Jim Dixon feels anything but lucky. At the university he has to do the bidding of absent-minded and boring Professor Welch to have any hope of keeping his job. Worse, he has managed to get ... See full summary »
Based on the Stephen Potter "One Upmanship" and "Lifemanship" books, Henry Palfrey tries hard to impress but always loses out to the rotter Delauney. Then he discovers the Lifeman college ... See full summary »
Work has been going with a bang for freelance assassin Hawkins but a job in England just after the war is a different matter. His apparently easy target, a pompous government minister, is ... See full summary »
Great Britain has had an international agreement for the last 50 years with a small pacific island. It has been ignored until the death of their king brings it to the attention of the ... See full summary »
Dodger Lane (Peter Sellers) has planned the perfect robbery while in prison. He intends to break out of prison, steal a fortune in diamonds, and break back into prison before anyone notices... See full summary »
An English scientist runs away from a research center with an atomic bomb. In a letter sent to the British Prime Minister he threatens to blow up the center of London if the Government ... See full summary »
Murderous, sadistic London gang leader Vic Dakin, a mother-obsessed homosexual modeled on real-life gangster Ronnie Kray, is worried about potential stool pigeons that may bring down his ... See full summary »
Noel Coward's attempt to show how the ordinary people lived between the wars. Just after WWI the Gibbons family moves to a nice house in the suburbs. An ordinary sort of life is led by the ... See full summary »
A government team researching cures for plague find their results put on the Official Secrets list. One of their number is so incensed by this that he lets the maimed and jealous companion ... See full summary »
Jim Dixon feels anything but lucky. At the university he has to do the bidding of absent-minded and boring Professor Welch to have any hope of keeping his job. Worse, he has managed to get entangled with unexciting but neurotic Margaret Peel, a friend of the Professor's. All-in-all, the pub is the only friendly place to be. His misery is completed at a dreadful weekend gathering of the Welch clan by the arrival of son Bertrand. Not so much that Betrand is loud-mouthed and boorish - which he is - but that he has as companion Christine Callaghan, the sort of marvellous and unattainable woman Jim can only dream about. Written by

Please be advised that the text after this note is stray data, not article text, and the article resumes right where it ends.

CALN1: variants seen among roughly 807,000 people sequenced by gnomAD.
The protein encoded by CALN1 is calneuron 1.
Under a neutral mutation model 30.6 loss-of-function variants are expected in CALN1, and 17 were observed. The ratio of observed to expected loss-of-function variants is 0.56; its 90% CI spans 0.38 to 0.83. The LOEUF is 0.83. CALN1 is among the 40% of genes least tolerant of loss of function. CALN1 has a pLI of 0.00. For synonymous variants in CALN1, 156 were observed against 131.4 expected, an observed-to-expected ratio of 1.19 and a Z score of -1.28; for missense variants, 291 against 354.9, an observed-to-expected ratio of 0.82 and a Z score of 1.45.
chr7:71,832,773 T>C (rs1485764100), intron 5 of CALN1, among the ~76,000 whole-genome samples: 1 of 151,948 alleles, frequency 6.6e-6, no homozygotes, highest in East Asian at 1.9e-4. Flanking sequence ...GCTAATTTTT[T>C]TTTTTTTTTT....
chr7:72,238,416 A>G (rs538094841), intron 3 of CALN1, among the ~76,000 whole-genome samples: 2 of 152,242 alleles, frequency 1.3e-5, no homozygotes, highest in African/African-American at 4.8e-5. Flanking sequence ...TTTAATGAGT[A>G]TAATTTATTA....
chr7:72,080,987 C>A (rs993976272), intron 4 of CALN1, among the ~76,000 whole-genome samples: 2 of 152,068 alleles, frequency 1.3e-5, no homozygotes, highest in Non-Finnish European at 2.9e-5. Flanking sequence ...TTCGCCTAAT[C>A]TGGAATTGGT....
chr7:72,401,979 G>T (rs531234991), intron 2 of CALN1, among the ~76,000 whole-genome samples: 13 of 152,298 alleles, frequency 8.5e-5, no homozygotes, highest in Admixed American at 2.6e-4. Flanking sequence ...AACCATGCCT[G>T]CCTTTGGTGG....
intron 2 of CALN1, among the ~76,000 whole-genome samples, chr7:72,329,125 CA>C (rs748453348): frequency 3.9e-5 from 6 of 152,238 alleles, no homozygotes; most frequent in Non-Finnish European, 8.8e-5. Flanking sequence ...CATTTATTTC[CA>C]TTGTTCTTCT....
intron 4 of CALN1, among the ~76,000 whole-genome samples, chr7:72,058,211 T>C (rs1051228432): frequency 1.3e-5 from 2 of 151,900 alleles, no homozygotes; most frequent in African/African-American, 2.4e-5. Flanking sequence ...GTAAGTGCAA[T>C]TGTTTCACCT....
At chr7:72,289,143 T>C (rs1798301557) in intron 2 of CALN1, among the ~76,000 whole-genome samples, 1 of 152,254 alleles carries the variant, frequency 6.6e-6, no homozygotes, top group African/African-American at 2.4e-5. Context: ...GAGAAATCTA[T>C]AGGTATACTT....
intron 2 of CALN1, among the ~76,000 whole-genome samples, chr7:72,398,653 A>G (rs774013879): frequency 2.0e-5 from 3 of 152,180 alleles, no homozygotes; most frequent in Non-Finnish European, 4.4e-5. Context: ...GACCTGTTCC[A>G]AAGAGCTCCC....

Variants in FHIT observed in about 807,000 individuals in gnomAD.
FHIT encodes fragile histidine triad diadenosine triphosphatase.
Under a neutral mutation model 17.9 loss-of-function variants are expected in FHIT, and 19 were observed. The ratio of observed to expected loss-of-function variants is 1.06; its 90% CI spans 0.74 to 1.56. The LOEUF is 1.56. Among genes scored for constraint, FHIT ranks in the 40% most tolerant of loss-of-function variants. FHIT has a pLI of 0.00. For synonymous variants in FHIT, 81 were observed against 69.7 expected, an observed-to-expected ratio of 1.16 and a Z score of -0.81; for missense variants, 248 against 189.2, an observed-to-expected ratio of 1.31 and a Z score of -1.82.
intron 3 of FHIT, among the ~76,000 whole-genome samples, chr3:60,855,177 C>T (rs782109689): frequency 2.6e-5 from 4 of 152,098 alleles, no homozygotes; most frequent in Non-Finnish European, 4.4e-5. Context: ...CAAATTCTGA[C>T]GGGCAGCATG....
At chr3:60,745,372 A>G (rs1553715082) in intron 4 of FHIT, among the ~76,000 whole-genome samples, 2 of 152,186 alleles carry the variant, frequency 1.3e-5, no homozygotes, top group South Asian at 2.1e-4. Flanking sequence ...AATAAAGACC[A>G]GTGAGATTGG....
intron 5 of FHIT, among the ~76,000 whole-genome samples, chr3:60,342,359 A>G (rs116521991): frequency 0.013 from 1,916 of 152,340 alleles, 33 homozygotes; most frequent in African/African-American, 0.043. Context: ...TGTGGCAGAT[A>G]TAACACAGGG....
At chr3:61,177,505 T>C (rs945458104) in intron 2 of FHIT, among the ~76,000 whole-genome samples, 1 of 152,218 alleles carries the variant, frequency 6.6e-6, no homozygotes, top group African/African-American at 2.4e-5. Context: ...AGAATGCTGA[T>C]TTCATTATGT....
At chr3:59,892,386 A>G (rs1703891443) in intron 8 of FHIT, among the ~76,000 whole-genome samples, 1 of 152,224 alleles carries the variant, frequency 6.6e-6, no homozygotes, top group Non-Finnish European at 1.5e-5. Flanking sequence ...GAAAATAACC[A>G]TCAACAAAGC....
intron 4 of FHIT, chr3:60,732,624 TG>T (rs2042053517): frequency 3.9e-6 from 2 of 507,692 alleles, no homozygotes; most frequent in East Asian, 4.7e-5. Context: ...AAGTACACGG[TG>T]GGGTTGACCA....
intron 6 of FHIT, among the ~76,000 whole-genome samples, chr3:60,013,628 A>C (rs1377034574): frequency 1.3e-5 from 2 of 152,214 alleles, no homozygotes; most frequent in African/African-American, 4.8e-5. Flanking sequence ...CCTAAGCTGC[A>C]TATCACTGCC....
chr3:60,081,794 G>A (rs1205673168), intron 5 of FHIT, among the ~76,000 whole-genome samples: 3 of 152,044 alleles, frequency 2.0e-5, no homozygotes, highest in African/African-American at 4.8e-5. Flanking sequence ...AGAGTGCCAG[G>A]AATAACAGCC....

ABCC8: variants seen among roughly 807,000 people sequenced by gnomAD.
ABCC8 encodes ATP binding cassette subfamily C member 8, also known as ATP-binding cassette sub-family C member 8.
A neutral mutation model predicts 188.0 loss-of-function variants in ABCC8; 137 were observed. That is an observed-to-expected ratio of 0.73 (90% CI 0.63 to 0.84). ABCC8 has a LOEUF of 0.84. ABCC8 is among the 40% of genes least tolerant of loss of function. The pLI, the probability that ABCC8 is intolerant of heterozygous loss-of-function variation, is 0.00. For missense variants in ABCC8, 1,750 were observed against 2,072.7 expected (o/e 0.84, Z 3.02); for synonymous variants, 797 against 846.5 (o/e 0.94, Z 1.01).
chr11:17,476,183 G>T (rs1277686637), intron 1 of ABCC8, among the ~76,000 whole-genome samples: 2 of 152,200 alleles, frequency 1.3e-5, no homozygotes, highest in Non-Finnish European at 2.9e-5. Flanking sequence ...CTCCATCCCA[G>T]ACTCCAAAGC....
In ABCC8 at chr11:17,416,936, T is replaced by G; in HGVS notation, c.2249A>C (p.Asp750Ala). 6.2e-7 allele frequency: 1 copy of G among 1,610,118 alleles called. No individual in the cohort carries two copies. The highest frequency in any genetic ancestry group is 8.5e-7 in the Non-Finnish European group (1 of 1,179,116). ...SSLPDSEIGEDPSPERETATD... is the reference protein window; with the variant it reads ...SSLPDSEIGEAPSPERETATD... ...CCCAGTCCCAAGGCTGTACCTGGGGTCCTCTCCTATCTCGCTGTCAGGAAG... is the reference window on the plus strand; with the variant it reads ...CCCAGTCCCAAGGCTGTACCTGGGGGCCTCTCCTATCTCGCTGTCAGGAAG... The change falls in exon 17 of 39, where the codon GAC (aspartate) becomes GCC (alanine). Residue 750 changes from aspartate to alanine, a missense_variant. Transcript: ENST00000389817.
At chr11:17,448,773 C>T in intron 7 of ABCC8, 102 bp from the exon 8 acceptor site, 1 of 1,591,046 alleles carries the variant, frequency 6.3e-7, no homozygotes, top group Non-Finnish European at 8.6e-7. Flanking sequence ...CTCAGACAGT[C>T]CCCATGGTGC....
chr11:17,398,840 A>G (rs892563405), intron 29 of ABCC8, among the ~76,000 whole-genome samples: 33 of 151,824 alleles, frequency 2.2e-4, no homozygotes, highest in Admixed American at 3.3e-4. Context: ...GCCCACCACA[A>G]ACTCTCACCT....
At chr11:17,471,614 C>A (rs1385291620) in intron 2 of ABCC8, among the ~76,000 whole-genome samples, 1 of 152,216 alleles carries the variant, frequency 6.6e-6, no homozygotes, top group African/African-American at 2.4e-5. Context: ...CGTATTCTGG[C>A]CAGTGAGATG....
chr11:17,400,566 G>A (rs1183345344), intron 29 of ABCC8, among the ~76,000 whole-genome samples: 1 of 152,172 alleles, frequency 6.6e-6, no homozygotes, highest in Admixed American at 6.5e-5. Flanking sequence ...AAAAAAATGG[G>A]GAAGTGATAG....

Jeremy Perkins <email@example.com>
I haven't seen a lot of films from the fifties, so obviously I can't use the same standards I use in today's films to compare the book and the film itself. First and foremost, I must say that I enjoyed reading the book a lot and while watching the film I had the feeling that some parts were lost. When it comes to the characters, I didn't quite picture some of them as they were portrayed in the film. Professor Welch and Bertrand were two of them. On one hand, Welch was too serious and on the other hand, Bertrand was just too old. But, on the whole, I thought the cast was quite good. Another aspect of the film that I must mention is the excessive amount of slapstick comedy scenes that at times tended to be somewhat annoying. Apart from that, my biggest criticism goes to the fact that they haven't focus much on Dixon and Margaret's relationship and didn't include at all Margaret's past with the Catchpole. In my opinion, I think it would be, by far, much more appealing and interesting if they had done that. Even so, I think this is a film worth seeing since the post-war period is quite well portrayed. For those who haven't read the book, the film will only give you a glimpse of what the true story behind Kingsley Amis' novel really is. Therefore, I strongly recommend reading this classic of literature.
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